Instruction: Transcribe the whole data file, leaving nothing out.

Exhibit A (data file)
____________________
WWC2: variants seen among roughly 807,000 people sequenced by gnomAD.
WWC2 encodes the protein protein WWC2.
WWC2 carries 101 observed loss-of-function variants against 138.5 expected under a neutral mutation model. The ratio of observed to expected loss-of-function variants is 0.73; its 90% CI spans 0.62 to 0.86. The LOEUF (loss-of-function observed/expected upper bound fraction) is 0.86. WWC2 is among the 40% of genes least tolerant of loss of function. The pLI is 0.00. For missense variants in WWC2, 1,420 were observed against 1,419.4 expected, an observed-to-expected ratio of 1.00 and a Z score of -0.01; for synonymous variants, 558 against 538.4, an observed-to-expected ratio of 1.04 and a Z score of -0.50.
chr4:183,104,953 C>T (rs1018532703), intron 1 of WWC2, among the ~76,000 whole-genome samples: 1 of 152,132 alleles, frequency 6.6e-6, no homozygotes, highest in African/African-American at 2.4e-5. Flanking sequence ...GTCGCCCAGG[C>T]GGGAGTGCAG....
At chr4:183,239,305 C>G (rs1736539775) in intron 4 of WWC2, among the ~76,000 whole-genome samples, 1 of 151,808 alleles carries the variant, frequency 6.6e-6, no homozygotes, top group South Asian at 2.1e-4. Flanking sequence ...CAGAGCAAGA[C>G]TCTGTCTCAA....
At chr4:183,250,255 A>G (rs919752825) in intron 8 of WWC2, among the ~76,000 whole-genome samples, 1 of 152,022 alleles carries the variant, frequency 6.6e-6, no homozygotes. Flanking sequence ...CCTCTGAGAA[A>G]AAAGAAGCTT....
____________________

WWC2: variants seen among roughly 807,000 people sequenced by gnomAD.
WWC2 encodes the protein protein WWC2.
WWC2 carries 101 observed loss-of-function variants against 138.5 expected under a neutral mutation model. The ratio of observed to expected loss-of-function variants is 0.73; its 90% CI spans 0.62 to 0.86. The LOEUF (loss-of-function observed/expected upper bound fraction) is 0.86. WWC2 is among the 40% of genes least tolerant of loss of function. The pLI is 0.00. For missense variants in WWC2, 1,420 were observed against 1,419.4 expected, an observed-to-expected ratio of 1.00 and a Z score of -0.01; for synonymous variants, 558 against 538.4, an observed-to-expected ratio of 1.04 and a Z score of -0.50.
chr4:183,104,953 C>T (rs1018532703), intron 1 of WWC2, among the ~76,000 whole-genome samples: 1 of 152,132 alleles, frequency 6.6e-6, no homozygotes, highest in African/African-American at 2.4e-5. Flanking sequence ...GTCGCCCAGG[C>T]GGGAGTGCAG....
At chr4:183,239,305 C>G (rs1736539775) in intron 4 of WWC2, among the ~76,000 whole-genome samples, 1 of 151,808 alleles carries the variant, frequency 6.6e-6, no homozygotes, top group South Asian at 2.1e-4. Flanking sequence ...CAGAGCAAGA[C>G]TCTGTCTCAA....
At chr4:183,250,255 A>G (rs919752825) in intron 8 of WWC2, among the ~76,000 whole-genome samples, 1 of 152,022 alleles carries the variant, frequency 6.6e-6, no homozygotes. Flanking sequence ...CCTCTGAGAA[A>G]AAAGAAGCTT....